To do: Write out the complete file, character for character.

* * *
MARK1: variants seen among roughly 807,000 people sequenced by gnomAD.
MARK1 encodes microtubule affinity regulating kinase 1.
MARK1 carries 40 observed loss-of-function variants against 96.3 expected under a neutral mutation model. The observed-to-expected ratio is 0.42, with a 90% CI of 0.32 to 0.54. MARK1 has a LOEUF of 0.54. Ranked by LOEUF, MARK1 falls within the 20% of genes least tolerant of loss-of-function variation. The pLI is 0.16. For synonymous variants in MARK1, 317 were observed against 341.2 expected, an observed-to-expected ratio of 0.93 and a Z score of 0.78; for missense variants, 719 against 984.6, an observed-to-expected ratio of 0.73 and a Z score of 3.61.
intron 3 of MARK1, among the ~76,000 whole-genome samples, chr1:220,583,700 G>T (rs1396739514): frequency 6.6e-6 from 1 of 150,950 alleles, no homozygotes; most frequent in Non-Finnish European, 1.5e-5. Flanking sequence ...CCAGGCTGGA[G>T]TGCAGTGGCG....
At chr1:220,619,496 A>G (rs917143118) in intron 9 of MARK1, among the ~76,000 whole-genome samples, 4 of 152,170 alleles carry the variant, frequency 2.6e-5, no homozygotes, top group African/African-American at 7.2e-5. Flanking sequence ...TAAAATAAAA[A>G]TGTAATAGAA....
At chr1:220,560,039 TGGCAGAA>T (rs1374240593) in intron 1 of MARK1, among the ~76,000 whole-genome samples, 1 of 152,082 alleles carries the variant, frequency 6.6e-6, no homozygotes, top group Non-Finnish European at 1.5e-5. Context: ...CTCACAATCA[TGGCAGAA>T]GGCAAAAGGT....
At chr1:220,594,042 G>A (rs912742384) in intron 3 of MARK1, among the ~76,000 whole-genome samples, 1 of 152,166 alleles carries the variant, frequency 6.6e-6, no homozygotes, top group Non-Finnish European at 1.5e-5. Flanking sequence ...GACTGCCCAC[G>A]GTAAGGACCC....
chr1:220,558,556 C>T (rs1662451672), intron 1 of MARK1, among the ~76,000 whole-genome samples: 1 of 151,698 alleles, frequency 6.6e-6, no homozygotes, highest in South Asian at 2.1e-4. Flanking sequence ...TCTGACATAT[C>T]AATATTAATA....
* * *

MARK1: variants seen among roughly 807,000 people sequenced by gnomAD.
MARK1 encodes microtubule affinity regulating kinase 1.
MARK1 carries 40 observed loss-of-function variants against 96.3 expected under a neutral mutation model. The observed-to-expected ratio is 0.42, with a 90% CI of 0.32 to 0.54. MARK1 has a LOEUF of 0.54. Ranked by LOEUF, MARK1 falls within the 20% of genes least tolerant of loss-of-function variation. The pLI is 0.16. For synonymous variants in MARK1, 317 were observed against 341.2 expected, an observed-to-expected ratio of 0.93 and a Z score of 0.78; for missense variants, 719 against 984.6, an observed-to-expected ratio of 0.73 and a Z score of 3.61.
intron 3 of MARK1, among the ~76,000 whole-genome samples, chr1:220,583,700 G>T (rs1396739514): frequency 6.6e-6 from 1 of 150,950 alleles, no homozygotes; most frequent in Non-Finnish European, 1.5e-5. Flanking sequence ...CCAGGCTGGA[G>T]TGCAGTGGCG....
At chr1:220,619,496 A>G (rs917143118) in intron 9 of MARK1, among the ~76,000 whole-genome samples, 4 of 152,170 alleles carry the variant, frequency 2.6e-5, no homozygotes, top group African/African-American at 7.2e-5. Flanking sequence ...TAAAATAAAA[A>G]TGTAATAGAA....
At chr1:220,560,039 TGGCAGAA>T (rs1374240593) in intron 1 of MARK1, among the ~76,000 whole-genome samples, 1 of 152,082 alleles carries the variant, frequency 6.6e-6, no homozygotes, top group Non-Finnish European at 1.5e-5. Context: ...CTCACAATCA[TGGCAGAA>T]GGCAAAAGGT....
At chr1:220,594,042 G>A (rs912742384) in intron 3 of MARK1, among the ~76,000 whole-genome samples, 1 of 152,166 alleles carries the variant, frequency 6.6e-6, no homozygotes, top group Non-Finnish European at 1.5e-5. Flanking sequence ...GACTGCCCAC[G>A]GTAAGGACCC....
chr1:220,558,556 C>T (rs1662451672), intron 1 of MARK1, among the ~76,000 whole-genome samples: 1 of 151,698 alleles, frequency 6.6e-6, no homozygotes, highest in South Asian at 2.1e-4. Flanking sequence ...TCTGACATAT[C>T]AATATTAATA....